Teede Tehnokeskus uses open data from various sources and data from sensors to develop their prognostic models. “We can calculate the conditions on the road surface using our models up to 48 hours in advance,” Möll says. “At the moment, we predict road conditions in Estonia, Latvia, Lithuania and Finland, but if needed we can also offer predictions globally. Changing the focus to preventative de-icing will make our roads much safer during the winter – many dangerous situations will not occur.”

The data available in Teede Tehnokeskus’ system and/or the predictions also show if a section of the road will still not meet the standards in three hours, for example. “Then our system automatically generates warnings that are sent to whoever is responsible for the road maintenance in this area and who can complete the necessary preventative tasks,” Möll explained. “Thanks to this, road maintenance during the winter will become more accurate and we can prevent unexpected iciness on the main roads as well as in cities.”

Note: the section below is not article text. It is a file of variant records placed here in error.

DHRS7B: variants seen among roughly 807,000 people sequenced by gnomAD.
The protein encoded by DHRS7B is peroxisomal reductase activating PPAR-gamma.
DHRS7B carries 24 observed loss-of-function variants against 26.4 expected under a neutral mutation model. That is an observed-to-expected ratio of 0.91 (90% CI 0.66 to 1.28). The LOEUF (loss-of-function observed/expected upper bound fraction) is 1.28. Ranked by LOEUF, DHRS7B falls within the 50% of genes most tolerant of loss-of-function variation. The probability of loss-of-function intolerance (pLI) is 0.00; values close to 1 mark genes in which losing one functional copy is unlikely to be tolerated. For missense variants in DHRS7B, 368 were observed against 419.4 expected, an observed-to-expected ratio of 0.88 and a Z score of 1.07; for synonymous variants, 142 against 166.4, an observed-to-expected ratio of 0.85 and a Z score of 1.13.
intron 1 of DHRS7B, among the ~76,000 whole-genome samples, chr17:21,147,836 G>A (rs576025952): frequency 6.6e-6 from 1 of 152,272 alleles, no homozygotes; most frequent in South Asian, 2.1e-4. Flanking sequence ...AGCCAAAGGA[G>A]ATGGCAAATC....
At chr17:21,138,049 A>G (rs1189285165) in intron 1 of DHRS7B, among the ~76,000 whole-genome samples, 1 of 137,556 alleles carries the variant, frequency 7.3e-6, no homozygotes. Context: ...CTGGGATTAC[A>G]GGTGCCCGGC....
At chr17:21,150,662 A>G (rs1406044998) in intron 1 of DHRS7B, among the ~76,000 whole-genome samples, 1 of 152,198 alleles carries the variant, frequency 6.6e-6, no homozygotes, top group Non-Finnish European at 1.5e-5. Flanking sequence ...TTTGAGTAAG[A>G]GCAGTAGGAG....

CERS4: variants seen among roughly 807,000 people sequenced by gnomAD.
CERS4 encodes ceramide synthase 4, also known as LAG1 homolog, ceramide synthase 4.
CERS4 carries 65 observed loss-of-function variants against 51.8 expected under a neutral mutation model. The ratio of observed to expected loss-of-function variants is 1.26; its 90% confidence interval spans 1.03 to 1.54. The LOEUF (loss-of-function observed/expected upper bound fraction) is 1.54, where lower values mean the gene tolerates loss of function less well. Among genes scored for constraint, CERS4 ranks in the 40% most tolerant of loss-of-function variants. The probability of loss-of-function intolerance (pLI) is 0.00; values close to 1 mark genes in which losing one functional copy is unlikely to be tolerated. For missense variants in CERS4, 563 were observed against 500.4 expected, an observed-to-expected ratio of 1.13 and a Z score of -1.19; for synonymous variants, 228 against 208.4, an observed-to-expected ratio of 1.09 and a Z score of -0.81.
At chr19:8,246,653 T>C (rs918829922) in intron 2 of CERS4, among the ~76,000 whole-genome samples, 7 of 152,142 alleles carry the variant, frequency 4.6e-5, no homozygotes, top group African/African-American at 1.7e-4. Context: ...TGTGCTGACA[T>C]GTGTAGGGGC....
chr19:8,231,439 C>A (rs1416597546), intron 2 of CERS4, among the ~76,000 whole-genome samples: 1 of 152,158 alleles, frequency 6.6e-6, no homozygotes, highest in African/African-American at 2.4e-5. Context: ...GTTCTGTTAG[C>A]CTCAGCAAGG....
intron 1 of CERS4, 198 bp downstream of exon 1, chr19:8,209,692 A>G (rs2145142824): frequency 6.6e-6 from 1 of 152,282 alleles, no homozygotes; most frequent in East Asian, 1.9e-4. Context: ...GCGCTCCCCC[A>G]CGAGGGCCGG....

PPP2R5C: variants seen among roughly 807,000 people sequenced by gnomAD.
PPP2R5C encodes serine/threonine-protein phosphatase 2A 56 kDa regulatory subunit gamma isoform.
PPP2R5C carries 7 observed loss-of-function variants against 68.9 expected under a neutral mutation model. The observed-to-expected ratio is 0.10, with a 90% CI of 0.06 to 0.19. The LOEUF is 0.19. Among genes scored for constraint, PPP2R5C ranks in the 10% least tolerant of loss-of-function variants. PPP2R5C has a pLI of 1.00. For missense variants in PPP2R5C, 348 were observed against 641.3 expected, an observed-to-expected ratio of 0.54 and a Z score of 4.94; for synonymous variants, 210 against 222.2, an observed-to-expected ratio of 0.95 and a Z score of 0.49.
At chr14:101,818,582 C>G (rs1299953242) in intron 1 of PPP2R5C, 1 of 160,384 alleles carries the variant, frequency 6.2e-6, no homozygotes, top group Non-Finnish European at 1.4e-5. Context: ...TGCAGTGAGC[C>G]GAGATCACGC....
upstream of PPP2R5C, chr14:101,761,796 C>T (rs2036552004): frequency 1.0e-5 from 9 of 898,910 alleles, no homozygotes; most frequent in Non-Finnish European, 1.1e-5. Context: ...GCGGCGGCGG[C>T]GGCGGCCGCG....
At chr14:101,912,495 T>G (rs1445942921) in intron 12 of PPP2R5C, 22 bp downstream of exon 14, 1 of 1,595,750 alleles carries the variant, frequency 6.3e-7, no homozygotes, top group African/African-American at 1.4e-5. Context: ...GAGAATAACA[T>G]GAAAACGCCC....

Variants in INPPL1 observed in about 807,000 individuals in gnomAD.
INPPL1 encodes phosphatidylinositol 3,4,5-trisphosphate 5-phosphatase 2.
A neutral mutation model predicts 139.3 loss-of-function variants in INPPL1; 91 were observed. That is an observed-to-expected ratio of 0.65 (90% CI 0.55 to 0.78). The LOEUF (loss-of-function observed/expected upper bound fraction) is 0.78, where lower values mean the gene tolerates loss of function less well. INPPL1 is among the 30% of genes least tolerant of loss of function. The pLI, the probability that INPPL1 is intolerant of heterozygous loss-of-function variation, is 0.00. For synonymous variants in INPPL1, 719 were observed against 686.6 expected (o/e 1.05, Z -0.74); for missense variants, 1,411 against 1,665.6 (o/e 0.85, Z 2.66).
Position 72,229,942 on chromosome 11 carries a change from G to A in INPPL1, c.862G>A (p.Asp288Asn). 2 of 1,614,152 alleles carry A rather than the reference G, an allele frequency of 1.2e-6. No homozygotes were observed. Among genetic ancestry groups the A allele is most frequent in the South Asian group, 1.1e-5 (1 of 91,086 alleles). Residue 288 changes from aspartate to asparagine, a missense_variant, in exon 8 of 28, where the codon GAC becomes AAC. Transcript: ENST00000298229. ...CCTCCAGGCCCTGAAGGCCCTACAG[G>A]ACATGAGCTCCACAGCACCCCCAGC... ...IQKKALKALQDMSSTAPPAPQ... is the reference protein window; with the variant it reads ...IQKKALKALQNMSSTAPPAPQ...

They are working with Lux Express to monitor road conditions. “With the help of the Transport Administration, we have equipped nine intercity buses belonging to Lux Express with road sensors which give us regular real-time data about the road conditions,” Möll explained. “We also display pictures of the roads taken by the front cameras of the buses on our website, thus the buses have also become mobile road cameras. Buses that drive on a specific route within a specific interval are good platforms for gathering data.”

International cooperation and smart pedestrian crosswalks

Bercam Technologies is working globally to prevent and recognise conflicts between vehicles and pedestrians. “We develop and bring to the market physical and digital products and services that help to increase the safety and quality of traffic and our environment,” Suurkask noted.

This is achieved in cooperation with the University of Hamburg and the Artificial Intelligence Centre Hamburg (ARIC). Invest Estonia’s representative in Germany Riina Leminsky commented that Bercman Technologies reached out to their Hamburg office with the aim of getting in touch with possible partners. “I introduced them to ARIC and in cooperation with them, they developed a joint project called NATIC GmbH,” Leminsky said. In addition to ARIC, the University of Hamburg is also part of this project.